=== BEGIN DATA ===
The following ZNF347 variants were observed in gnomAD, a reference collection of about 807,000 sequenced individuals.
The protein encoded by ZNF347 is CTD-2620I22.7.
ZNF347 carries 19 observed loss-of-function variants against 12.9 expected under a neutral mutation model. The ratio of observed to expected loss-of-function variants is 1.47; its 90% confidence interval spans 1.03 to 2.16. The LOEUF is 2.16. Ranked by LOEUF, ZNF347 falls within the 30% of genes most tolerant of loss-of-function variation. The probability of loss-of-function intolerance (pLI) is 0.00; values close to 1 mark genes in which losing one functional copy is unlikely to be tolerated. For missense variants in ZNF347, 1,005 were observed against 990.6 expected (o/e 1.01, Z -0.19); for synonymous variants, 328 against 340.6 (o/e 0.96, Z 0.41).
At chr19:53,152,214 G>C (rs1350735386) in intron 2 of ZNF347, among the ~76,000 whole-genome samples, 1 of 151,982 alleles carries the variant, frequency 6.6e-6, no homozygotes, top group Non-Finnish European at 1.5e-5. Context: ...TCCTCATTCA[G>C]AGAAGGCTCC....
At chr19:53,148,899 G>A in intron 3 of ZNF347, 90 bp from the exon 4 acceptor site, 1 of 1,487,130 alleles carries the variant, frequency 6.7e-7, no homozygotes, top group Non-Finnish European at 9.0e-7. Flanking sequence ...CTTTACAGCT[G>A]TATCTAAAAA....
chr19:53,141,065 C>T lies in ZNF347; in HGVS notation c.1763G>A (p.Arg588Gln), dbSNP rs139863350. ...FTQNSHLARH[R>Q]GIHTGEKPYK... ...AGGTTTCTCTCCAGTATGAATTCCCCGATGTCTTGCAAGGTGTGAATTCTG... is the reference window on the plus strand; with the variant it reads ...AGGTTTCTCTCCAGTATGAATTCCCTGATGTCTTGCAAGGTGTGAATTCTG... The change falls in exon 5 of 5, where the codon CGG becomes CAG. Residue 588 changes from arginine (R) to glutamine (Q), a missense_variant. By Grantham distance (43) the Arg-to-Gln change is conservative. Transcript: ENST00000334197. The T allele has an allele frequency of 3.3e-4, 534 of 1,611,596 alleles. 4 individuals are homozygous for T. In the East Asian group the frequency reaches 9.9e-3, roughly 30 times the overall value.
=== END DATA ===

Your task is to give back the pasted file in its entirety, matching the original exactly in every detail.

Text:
The following ZNF347 variants were observed in gnomAD, a reference collection of about 807,000 sequenced individuals.
The protein encoded by ZNF347 is CTD-2620I22.7.
ZNF347 carries 19 observed loss-of-function variants against 12.9 expected under a neutral mutation model. The ratio of observed to expected loss-of-function variants is 1.47; its 90% confidence interval spans 1.03 to 2.16. The LOEUF is 2.16. Ranked by LOEUF, ZNF347 falls within the 30% of genes most tolerant of loss-of-function variation. The probability of loss-of-function intolerance (pLI) is 0.00; values close to 1 mark genes in which losing one functional copy is unlikely to be tolerated. For missense variants in ZNF347, 1,005 were observed against 990.6 expected (o/e 1.01, Z -0.19); for synonymous variants, 328 against 340.6 (o/e 0.96, Z 0.41).
At chr19:53,152,214 G>C (rs1350735386) in intron 2 of ZNF347, among the ~76,000 whole-genome samples, 1 of 151,982 alleles carries the variant, frequency 6.6e-6, no homozygotes, top group Non-Finnish European at 1.5e-5. Context: ...TCCTCATTCA[G>C]AGAAGGCTCC....
At chr19:53,148,899 G>A in intron 3 of ZNF347, 90 bp from the exon 4 acceptor site, 1 of 1,487,130 alleles carries the variant, frequency 6.7e-7, no homozygotes, top group Non-Finnish European at 9.0e-7. Flanking sequence ...CTTTACAGCT[G>A]TATCTAAAAA....
chr19:53,141,065 C>T lies in ZNF347; in HGVS notation c.1763G>A (p.Arg588Gln), dbSNP rs139863350. ...FTQNSHLARH[R>Q]GIHTGEKPYK... ...AGGTTTCTCTCCAGTATGAATTCCCCGATGTCTTGCAAGGTGTGAATTCTG... is the reference window on the plus strand; with the variant it reads ...AGGTTTCTCTCCAGTATGAATTCCCTGATGTCTTGCAAGGTGTGAATTCTG... The change falls in exon 5 of 5, where the codon CGG becomes CAG. Residue 588 changes from arginine (R) to glutamine (Q), a missense_variant. By Grantham distance (43) the Arg-to-Gln change is conservative. Transcript: ENST00000334197. The T allele has an allele frequency of 3.3e-4, 534 of 1,611,596 alleles. 4 individuals are homozygous for T. In the East Asian group the frequency reaches 9.9e-3, roughly 30 times the overall value.